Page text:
When I left work I knew that the patients that had all flown home on the 4th of July with Red, White and Blue pillows or blankets.  It was not easy to find 32 of them, but each went home with one.  As many of our SoL members know, you use the scraps from your other projects and not too many of us use red, white and blue in our projects.  So, there are limited items here in those colors.  Those colors are the most popular along with the themed military service pillows.  I have about 7 Marine pillows left and none for the other services.  An LHCP camouflage comfort pillow went out yesterday also.  I think I know who made it but I don’t want to be wrong.  So if you made one know that it is gone.

Kathi, Brian, and their boys and I went to Ramstein for the 4th of July evening events.  We listened to Gary Sinese and the Lt Dan Band.  They were fantastic and had the crowd singing, clapping, dancing and screaming.  I loved to watch the little kids as they danced.  There were 7 children all standing on a bench next to us.  Since kids usually copy each other, they all did as the first one did until the rhythm got into their soul and then they would take off doing their own thing and then the rest of the group would follow that one.

I found a Purple Heart recipient sitting behind me.  As we got up to watch I noticed his arm was scarred from his injury.  He looked young but his eyes told a much different story.  I could not help but to look at his eyes several times during the night and wonder what he had been through.  He wore a baseball cap very low on his head and face, so I had to wonder if he had more injuries.  I saw his wife next to him and I secretly thanked her for sticking with him through his recovery.  So many don’t or can’t for what ever the reason.  In fact one of the young men that had been in early during the day said he got to look forward to a divorce when he got home.  My heart sank to my stomach.  I know that it is not an easy task by no means for the family members.  Having been a caretaker for a family member going through 22 surgeries and the caretaker for another with serious health problems for about 2 years, I understand the hardships it can cause.  I think the most difficult is the patient hating you for the care you must do and know is necessary.

As the Lt Dan Band began to sing God Bless the U.S.A by Lee Greenwood, I stood in silence as they got to the verse, “And I won’t forget the men who died, who gave that right to me.”  I drifted to our honorees, Daniel, Justin, Maria, Nathan, Hoby, Randy, Ross, Sam, LeRoy, Robert, Peter, Laura, and Charles.  As the second verse was sung I was thinking of Kyle, Andrew, Christopher, Eric, Ben, DeForest, Dustin, Toccarra and Merideth.  Their faces were all flashing in front of me, but I knew I was forgetting the names.  I think I was the only crazy person in the room with a tear rolling down my face as that song was being sung.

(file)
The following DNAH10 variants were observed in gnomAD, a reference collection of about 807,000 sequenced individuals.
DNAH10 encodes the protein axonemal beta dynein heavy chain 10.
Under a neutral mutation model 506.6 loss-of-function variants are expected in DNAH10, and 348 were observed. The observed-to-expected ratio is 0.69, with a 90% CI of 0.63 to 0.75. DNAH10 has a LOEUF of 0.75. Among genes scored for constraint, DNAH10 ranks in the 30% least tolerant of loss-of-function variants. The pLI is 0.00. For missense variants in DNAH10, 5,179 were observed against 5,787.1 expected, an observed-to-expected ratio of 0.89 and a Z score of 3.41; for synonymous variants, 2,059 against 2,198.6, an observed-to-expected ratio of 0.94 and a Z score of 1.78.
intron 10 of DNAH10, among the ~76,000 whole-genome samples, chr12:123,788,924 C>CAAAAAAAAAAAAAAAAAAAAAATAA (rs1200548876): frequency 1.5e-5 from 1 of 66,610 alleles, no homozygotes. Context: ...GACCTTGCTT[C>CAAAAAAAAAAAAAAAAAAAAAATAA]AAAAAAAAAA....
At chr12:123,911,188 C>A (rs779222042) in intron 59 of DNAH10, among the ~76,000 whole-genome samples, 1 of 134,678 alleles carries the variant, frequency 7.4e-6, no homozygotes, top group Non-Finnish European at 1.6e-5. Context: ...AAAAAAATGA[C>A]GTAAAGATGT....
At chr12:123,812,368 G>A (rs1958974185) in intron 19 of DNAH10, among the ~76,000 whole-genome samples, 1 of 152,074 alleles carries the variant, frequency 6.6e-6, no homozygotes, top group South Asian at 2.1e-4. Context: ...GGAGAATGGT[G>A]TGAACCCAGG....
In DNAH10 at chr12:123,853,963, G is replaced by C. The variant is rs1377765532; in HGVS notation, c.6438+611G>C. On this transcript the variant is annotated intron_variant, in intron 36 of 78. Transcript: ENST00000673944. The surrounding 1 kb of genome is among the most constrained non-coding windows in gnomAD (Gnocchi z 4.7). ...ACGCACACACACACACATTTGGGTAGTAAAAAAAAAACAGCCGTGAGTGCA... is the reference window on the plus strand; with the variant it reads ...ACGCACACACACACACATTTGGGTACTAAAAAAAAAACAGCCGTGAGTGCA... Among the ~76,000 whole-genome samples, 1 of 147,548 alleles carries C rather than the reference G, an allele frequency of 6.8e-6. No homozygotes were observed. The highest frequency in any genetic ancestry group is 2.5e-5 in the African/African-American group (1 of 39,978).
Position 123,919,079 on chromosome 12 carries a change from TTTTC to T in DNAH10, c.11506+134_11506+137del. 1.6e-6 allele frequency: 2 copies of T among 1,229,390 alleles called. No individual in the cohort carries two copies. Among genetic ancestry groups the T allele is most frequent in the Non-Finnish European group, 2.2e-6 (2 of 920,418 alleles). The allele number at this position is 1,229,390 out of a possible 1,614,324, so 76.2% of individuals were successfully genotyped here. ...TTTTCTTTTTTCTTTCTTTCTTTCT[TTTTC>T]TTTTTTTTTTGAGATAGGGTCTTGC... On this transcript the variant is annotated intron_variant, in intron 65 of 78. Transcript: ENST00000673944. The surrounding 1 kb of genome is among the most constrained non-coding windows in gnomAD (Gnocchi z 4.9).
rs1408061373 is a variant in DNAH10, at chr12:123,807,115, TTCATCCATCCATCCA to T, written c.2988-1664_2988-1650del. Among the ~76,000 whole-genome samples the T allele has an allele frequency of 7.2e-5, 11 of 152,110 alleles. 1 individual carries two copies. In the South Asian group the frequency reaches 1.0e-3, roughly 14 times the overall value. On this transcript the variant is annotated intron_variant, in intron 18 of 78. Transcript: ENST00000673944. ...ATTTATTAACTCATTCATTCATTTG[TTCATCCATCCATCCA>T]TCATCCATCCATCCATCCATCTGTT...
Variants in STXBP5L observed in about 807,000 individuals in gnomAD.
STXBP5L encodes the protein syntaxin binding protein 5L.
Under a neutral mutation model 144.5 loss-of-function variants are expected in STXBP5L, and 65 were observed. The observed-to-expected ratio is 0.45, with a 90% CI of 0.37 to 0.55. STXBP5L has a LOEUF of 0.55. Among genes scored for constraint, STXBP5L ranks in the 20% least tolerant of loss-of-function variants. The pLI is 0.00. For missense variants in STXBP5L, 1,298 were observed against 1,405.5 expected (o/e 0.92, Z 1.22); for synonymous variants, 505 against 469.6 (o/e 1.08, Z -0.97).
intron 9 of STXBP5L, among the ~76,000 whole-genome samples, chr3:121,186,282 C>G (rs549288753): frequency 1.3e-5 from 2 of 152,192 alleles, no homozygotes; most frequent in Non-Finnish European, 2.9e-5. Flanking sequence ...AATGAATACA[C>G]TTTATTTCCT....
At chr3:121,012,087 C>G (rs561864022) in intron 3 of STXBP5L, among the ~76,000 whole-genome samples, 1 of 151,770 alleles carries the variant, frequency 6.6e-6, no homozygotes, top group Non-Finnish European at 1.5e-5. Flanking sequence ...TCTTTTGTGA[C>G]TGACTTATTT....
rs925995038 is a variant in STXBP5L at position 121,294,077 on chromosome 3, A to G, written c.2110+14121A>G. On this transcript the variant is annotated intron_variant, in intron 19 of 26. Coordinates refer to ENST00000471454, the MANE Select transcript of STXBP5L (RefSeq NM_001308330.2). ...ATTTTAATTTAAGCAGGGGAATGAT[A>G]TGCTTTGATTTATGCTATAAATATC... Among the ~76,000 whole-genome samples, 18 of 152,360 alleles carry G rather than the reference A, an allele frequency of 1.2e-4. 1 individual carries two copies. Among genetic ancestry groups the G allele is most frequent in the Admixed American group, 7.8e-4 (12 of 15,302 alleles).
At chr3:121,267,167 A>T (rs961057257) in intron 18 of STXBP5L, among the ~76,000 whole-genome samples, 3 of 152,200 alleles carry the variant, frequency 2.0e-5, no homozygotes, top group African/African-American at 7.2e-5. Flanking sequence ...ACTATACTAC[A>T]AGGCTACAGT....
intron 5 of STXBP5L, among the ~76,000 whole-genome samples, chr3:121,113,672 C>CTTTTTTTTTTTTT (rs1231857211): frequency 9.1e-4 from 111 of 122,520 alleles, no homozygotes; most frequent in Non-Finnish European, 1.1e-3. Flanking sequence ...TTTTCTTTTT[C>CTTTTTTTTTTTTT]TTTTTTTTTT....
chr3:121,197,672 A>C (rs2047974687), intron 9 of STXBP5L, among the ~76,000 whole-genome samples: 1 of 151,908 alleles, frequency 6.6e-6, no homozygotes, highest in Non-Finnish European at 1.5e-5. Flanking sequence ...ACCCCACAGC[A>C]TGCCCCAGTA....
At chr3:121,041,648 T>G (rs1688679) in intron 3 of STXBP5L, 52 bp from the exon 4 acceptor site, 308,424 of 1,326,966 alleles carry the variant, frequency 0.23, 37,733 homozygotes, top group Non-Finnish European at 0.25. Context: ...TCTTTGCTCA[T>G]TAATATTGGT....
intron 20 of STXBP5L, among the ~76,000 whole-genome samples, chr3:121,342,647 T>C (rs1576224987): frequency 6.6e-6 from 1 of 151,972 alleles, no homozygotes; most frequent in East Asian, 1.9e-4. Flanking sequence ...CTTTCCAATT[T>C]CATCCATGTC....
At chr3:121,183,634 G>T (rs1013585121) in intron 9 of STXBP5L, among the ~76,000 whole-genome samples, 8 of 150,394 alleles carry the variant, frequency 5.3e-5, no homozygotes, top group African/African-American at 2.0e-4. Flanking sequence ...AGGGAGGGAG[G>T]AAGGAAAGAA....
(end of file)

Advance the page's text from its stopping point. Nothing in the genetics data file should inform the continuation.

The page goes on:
As the band was finishing up with “Ain’t No Mountain High Enough,” Gary Sinese finished it by saying there was no valley low enough and no river wide enough for him or the Lt Dan Band to show their respect to the military and all those that served to protect the U.S.A.

We then walked to see the fireworks.  I have seen fireworks on rivers, fireworks in baseball fields, fireworks at the nation’s capital, but I think watching these will stick with me for a long time.  We were up on a small hill over looking part of the flight line where they had C-130 aircraft parked.   Having flown on these in and out of Bosnia they are not my favorite aircraft, too damn cold, but they have been around since the mid 50’s.  They have been modified over the years for a variety of missions.  You often will see them in fire fighting or aerial spraying; they are often used for natural disaster relief missions or low-level operations (these suckers can get low).  Anyone that lives close to a military base knows what I mean when I say the “Sound” of freedom.”  It is the sound when one of these beasts comes over your house and you just know the plane is going to come sit on your roof top.  Everything shakes and rattles, but as long as they are flying we are safe and free.

As the fireworks started, I thought of our troops deployed and the only fire in the sky they would be seeing would be tracer rounds.  Not the kind I would hope for everyone to see on the only holiday really for our nation as a whole.  As the fireworks rained down behind the C-130’s, I could not help but wonder if our forefathers could have imagined such a show in the sky with such a force on the ground in a foreign nation.

Today I worked 6.5 hours thanks to the man who stole my heart 27 years ago.  Without his support, these trips would be impossible.  We have been separated during birthdays, anniversaries, holidays, and for over a year at a time.  We always said once he retired we would not miss those special moments again.  Well, he knows how important these trips are and I could not do it without his support.  Hun, I hope you enjoyed your 4th of July.